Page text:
Consequently, the only reasonable explanation for the brake failure is, in the view of the Commission, that the train driver must have put the driver’s brake valve in the mid-position and forgotten to move it into the running position before he left Alnabru. With the brake valve in mid-position while a train is travelling, the brake system will not be replenished with air, and with the leakages that have subsequently been discovered, the air pressure will gradually be lost in the course of about 30 minutes. From Strømmen station to Sagdalen block signal post the speed of the train increased by 7 km/h, from 95 km/h to 102 km/h. This is consistent with a situation whereby the air in the brake system has escaped and the train is virtually without brakes. The speed was subsequently slowly reduced up to the point of collision when the speed was 62 km/h. This is a deceleration of 0.14–0.16 m/s2 or a braking effect corresponding to a drop in pressure of 0.9–1.05 bar in the main brake pipe. In the opinion of the Commission, this braking power was achieved by the release manoeuvre used by train driver Jensen when he was not able to achieve any braking effect. Release manoeuvres produce a rapid charging of the pressure in the main brake pipe, but not of the whole system. This is consistent with the low, though constant braking effect up to the site of the collision.

These factors would indicate that the main brake system had failed to such an extent because the driver’s brake valve was set at mid-position. This had an impact on the weak braking effect of the train because it prevented replenishment, resulting in a brake system that was virtually empty of air when the brakes were applied.

If the driver’s brake valve had not been in the mid-position, the train would have stopped well before the collision location whether travelling at the actual speed the train had when it passed Sagdalen block signal post or at the maximum permitted speed for this section of the line. Thus, what finally triggered the collision was the fact that the driver’s brake valve was set in the mid-position.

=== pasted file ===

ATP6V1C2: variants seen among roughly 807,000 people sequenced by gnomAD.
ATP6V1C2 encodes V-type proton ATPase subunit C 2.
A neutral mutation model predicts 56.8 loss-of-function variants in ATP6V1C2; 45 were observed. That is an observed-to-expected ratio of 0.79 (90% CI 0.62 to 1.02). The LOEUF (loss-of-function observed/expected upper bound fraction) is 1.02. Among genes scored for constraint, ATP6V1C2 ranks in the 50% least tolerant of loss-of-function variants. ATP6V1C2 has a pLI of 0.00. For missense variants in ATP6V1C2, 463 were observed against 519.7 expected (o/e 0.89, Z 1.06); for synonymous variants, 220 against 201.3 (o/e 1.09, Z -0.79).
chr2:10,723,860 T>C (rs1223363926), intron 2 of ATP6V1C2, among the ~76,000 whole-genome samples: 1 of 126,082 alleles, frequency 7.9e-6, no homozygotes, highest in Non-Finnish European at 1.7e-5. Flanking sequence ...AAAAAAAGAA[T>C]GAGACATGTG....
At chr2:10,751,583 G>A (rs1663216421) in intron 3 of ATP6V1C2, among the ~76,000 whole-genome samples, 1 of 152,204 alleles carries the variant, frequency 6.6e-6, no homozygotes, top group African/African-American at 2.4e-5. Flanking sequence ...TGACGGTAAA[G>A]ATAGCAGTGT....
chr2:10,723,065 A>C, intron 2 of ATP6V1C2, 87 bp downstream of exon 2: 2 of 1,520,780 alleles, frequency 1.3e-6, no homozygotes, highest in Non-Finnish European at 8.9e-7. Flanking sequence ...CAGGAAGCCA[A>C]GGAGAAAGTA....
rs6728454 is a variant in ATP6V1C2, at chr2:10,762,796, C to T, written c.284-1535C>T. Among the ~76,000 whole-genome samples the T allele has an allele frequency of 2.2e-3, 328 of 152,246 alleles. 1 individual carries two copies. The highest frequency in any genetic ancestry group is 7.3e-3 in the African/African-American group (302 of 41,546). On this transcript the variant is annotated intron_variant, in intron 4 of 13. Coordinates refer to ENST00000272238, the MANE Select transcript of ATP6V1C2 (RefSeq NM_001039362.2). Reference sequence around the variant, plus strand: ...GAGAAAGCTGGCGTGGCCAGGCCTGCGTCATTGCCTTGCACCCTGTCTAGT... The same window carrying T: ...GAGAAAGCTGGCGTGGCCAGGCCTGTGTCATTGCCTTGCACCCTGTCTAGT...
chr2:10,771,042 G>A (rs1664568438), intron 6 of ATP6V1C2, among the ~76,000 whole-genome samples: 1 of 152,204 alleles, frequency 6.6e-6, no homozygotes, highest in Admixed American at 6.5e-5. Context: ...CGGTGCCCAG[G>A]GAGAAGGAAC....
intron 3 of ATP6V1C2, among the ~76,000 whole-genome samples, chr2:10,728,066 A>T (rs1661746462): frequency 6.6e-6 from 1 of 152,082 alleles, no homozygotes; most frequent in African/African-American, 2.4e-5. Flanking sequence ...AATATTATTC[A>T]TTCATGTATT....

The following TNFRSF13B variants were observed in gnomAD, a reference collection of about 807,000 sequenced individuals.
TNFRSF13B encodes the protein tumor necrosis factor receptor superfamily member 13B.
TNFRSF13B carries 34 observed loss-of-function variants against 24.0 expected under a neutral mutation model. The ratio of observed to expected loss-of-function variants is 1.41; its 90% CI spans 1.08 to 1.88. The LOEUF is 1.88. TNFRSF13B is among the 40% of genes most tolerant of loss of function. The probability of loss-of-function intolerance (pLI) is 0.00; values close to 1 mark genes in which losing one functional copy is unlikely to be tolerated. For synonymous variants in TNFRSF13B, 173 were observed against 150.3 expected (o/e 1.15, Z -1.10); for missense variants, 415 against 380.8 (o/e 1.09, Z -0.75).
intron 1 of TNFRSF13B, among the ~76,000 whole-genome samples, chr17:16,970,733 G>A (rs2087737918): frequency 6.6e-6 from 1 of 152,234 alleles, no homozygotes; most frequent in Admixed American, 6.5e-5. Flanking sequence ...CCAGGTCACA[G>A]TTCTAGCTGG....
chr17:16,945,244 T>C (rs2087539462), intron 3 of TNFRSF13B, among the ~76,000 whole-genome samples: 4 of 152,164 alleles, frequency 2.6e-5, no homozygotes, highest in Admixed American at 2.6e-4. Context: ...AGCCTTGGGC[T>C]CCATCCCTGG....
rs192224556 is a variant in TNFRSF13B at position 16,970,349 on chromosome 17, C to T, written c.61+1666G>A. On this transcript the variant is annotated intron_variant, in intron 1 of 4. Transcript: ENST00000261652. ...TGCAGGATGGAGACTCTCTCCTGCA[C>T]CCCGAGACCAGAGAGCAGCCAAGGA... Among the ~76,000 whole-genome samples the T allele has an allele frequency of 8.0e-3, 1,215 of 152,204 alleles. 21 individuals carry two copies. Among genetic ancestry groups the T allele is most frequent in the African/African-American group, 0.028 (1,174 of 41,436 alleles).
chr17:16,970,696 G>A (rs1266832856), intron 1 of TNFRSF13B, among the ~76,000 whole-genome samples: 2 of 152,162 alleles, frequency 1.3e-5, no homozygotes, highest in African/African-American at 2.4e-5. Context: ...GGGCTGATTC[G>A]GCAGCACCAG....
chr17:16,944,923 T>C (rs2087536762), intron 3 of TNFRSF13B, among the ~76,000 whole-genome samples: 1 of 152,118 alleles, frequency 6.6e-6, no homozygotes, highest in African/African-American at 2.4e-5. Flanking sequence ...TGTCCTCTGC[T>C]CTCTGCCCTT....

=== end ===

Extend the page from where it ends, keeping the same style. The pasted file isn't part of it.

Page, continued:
However, the poor brakes on the train may have been a necessary condition for the collision to take place. Theoretical calculations carried out by the Commission show that the collision could have been prevented even with the driver’s brake valve in mid-position if the train’s brakes had the braking capacity stated in the train documentation. However, the assessment obtained by the Commission from S. A. Eriksson, based on theoretical calculations and practical experience, indicates that the collision would have taken place, although at a lower speed. The differences of opinion are due to the uncertainty that has arisen because it is now impossible to say with absolute certainty how the brake control valves on each wagon functioned when the air pressure in the main brake pipe was so low. This will also in this particular case have considerable effect on the calculation of the braking distance. The Commission cannot therefore say with certainty whether the fact that the driver’s brake valve was in the mid-position was the sole cause of the collision or whether inefficient brakes were a necessary condition for the collision to take place.

12.3.2 Underlying causes

12.3.2.1 Deficiencies in NSB Gods brake maintenance procedures

As mentioned earlier, train No. 5781 had less effective brakes than the driver of the locomotive could have expected from the train documentation. Based on calculations carried out by the Commission, the train would normally have stopped before reaching the entry signal to Lillestrøm station, but it would have used the entire safety margin provided by the distance between the distant signal and the entry signal. Travelling at a higher speed, the train would have continued past the entry signal.

In its brake report prepared for the Commission, DnV pointed out that NSB Gods (NSB freight) does not conduct brakepad pressure measurements in connection with annual inspections or otherwise tests train braking power. Thus, no check is made of a train’s theoretical braking percentage to ascertain whether it corresponds with its actual braking capacity. This means that NSB Gods is not fully informed of the actual braking capacity of the trains. DnV’s deceleration measurements of five goods trains and its review of accidents and near-accidents caused by brake failure show that safety-critical deviations between braking capacity and braking percentage can occur without being detected and without any attempt to detect them having been made.

12.3.2.2 No test-braking